Russia's intelligence services conducted cyber operations against targets associated with the 2016 US president election, including targets associated with both major US political parties.

DHS [Department of Homeland Security] assesses that the types of systems Russian actors targeted or compromised were not involved in vote tallying.
In summary, the report concludes:
The election vote was not hacked (though based on at least one poll, more than half of Democrats believe, based on media coverage, that Russia actually did hack into the vote counting).

Moscow was trying to influence the election, as Russia and its Soviet predecessor have done in the past.

In doing so, Russian cyber operations were directed against both parties.

Moscow's goal varied from undermining Clinton's credibility in light of her expected election to helping Trump win the election.
Now let's look at some of the aspects of the report that should have raised questions or comment in the media:

1.  The report states that its conclusions were with a high degree of confidence by the FBI and CIA, while the NSA's were made with a moderate degree of confidence.   The NSA is the only one of the three with access to signals intelligence.  What were the reasons for the differing levels of confidence between the FBI/CIA and the NSA?  This is of particular import because the information cited in the body of the report for the FBI/CIA conclusion almost exclusively consists of publicly available data (publications, Kremlin press statement or public statements by Putin associates).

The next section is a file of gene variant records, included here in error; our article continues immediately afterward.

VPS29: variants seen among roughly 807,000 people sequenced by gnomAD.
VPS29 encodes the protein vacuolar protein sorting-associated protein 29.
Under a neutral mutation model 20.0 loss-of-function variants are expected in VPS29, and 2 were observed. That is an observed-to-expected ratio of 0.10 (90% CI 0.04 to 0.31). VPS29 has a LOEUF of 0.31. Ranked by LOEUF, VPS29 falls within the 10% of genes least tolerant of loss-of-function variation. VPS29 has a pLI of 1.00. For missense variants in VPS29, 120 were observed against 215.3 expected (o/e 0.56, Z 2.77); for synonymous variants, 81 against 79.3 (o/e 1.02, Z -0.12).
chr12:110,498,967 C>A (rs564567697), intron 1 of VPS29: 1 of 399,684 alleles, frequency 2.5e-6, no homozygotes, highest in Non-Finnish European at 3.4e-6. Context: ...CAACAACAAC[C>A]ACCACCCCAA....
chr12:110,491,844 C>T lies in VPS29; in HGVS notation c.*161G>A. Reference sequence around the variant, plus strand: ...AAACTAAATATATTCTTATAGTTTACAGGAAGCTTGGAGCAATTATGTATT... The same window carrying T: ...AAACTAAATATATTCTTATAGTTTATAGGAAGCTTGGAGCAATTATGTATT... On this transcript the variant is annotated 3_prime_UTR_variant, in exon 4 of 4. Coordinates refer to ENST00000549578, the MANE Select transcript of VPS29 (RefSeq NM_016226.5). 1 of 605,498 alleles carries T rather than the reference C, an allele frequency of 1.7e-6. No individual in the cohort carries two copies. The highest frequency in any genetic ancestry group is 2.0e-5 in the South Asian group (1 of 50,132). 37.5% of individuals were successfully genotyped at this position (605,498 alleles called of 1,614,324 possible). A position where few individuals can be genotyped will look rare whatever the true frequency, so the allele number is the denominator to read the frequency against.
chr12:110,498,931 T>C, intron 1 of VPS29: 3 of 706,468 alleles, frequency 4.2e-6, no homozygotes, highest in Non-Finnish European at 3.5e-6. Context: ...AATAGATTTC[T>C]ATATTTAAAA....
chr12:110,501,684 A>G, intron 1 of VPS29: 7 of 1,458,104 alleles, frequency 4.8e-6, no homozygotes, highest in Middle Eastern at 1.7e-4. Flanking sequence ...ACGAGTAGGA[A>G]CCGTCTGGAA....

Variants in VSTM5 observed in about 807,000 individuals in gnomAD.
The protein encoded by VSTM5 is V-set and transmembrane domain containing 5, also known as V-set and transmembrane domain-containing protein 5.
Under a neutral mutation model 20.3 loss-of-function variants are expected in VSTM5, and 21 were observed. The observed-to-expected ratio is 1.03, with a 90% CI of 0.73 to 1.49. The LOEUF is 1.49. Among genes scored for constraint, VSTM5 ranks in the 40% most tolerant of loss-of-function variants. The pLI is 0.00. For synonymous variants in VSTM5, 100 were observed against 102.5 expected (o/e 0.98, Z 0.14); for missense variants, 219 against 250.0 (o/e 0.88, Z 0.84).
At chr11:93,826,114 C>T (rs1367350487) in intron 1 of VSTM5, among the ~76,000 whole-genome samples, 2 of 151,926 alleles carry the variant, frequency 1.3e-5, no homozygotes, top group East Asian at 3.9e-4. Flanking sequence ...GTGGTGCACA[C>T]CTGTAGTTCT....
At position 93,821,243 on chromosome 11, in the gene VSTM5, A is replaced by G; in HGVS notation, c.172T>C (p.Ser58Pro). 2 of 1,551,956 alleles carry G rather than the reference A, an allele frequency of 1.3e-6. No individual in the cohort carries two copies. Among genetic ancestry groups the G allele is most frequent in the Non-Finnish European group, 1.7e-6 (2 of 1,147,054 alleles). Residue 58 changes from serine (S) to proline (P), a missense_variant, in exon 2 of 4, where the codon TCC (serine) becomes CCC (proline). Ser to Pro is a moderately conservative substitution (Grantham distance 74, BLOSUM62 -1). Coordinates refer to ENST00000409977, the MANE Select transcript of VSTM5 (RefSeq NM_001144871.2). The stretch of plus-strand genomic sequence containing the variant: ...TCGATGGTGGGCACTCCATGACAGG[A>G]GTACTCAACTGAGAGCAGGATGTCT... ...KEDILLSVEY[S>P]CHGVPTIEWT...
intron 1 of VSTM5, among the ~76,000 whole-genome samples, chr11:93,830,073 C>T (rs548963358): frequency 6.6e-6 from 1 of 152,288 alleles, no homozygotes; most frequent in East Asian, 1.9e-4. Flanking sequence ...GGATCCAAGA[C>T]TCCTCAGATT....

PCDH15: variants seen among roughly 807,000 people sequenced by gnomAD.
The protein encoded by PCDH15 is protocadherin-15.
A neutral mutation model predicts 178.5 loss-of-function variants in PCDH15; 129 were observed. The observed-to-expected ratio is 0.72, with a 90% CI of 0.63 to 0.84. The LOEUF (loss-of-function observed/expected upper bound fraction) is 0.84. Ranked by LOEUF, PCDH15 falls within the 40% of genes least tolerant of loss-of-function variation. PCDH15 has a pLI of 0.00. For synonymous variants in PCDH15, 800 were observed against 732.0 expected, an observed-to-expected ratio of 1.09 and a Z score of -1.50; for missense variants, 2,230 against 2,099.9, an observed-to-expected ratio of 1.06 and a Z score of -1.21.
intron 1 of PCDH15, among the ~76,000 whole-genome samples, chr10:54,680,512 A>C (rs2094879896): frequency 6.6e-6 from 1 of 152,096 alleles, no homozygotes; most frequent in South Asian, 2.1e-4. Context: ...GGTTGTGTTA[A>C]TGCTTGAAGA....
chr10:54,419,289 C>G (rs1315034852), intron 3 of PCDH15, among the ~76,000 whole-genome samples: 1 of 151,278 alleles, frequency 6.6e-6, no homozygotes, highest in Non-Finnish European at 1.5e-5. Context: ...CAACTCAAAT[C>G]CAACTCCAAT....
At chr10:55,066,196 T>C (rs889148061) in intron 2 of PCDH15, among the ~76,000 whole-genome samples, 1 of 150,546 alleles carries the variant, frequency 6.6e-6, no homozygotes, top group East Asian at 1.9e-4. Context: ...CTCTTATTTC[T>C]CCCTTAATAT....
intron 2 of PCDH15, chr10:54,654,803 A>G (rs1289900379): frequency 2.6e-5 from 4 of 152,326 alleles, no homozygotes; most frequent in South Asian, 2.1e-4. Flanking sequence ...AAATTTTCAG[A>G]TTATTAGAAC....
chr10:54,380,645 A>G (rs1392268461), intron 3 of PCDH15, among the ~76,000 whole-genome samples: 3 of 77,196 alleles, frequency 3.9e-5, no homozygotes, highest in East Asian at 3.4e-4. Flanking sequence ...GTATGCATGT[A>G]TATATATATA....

2.  Regarding the Kremlin's goals in 2016, the phrasing of the report is puzzling.  The report states that Russia "aspired to help President-elect Trump's election chances when possible" but also that when it appeared Clinton would win the election, "the Russian influence campaign began to focus more on undermining her future presidency".  The language seems to imply that there was an early period when Russia was trying to help Trump win, followed by a switch when the Kremlin thought Clinton would win.  Is this a correct reading?  Can the agencies tell us when this switch occurred and why?  Did it occur before or after Wikileaks released the DNC and Podesta emails (disclosures which the report concludes "did not contain any evident forgeries"?  Since Trump trailed consistently in all polls from the time he clinched the Republican nomination through election day, on what basis did the Kremlin make a different assessment at some point?  When did the Kremlin not think Clinton was likely to win the election? In other words, during which periods was the Kremlin trying to help Trump win, as opposed to damaging a future Clinton presidency?

3.  The report places the Kremlin's 2016 influence campaign in an historical context, citing prior Russian and Soviet efforts to influence American presidential elections, though it also concludes the Kremlin took this to an unprecedented level in 2016.  I would have liked to see some questions about this aspect of the report.  Did the Kremlin seek to influence the 2012 election and, if so, in whose favor?  Did the Kremlin seek to influence the 2008 election and, if so, in whose favor (we know that Kremlin spokespersons denounced John McCain, and Republicans in general, during the course of that election)?  Do the intelligence agencies have information they can release about the reported contacts in 1983 between Senator Edward Kennedy and Communist Party Secretary Andropov regarding coordinating efforts to defeat President Ronald Reagan in his re-election bid? The report contains this disclosure: